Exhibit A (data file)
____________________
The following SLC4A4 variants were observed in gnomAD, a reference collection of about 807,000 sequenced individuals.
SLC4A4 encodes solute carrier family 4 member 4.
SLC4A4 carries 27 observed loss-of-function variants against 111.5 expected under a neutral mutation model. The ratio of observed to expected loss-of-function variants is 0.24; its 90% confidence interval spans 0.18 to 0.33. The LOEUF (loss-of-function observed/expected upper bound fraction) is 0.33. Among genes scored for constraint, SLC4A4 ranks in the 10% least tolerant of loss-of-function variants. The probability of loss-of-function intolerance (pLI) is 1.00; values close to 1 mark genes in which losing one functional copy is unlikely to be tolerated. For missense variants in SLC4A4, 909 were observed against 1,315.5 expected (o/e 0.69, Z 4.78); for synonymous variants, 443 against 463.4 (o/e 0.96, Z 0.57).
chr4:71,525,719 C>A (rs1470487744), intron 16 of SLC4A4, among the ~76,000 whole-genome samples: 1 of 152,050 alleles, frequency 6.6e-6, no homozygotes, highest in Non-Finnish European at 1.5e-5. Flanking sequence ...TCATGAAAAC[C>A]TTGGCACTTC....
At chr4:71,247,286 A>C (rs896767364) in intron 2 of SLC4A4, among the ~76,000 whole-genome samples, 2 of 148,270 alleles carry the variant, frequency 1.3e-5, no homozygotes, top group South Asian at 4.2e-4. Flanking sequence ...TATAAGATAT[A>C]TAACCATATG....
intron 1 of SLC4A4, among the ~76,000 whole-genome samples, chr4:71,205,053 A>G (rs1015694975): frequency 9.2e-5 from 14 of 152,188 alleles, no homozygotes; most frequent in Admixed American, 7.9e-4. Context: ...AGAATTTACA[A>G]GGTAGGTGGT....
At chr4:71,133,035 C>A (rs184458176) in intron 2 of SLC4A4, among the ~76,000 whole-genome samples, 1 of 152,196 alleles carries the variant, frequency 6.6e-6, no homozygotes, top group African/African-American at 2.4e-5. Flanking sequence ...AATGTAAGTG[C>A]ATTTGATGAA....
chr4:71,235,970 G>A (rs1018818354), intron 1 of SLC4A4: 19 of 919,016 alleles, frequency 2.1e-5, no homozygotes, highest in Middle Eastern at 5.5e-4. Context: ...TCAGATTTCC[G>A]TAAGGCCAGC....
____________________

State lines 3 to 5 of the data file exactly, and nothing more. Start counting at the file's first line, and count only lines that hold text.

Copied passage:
SLC4A4 carries 27 observed loss-of-function variants against 111.5 expected under a neutral mutation model. The ratio of observed to expected loss-of-function variants is 0.24; its 90% confidence interval spans 0.18 to 0.33. The LOEUF (loss-of-function observed/expected upper bound fraction) is 0.33. Among genes scored for constraint, SLC4A4 ranks in the 10% least tolerant of loss-of-function variants. The probability of loss-of-function intolerance (pLI) is 1.00; values close to 1 mark genes in which losing one functional copy is unlikely to be tolerated. For missense variants in SLC4A4, 909 were observed against 1,315.5 expected (o/e 0.69, Z 4.78); for synonymous variants, 443 against 463.4 (o/e 0.96, Z 0.57).
chr4:71,525,719 C>A (rs1470487744), intron 16 of SLC4A4, among the ~76,000 whole-genome samples: 1 of 152,050 alleles, frequency 6.6e-6, no homozygotes, highest in Non-Finnish European at 1.5e-5. Flanking sequence ...TCATGAAAAC[C>A]TTGGCACTTC....
At chr4:71,247,286 A>C (rs896767364) in intron 2 of SLC4A4, among the ~76,000 whole-genome samples, 2 of 148,270 alleles carry the variant, frequency 1.3e-5, no homozygotes, top group South Asian at 4.2e-4. Flanking sequence ...TATAAGATAT[A>C]TAACCATATG....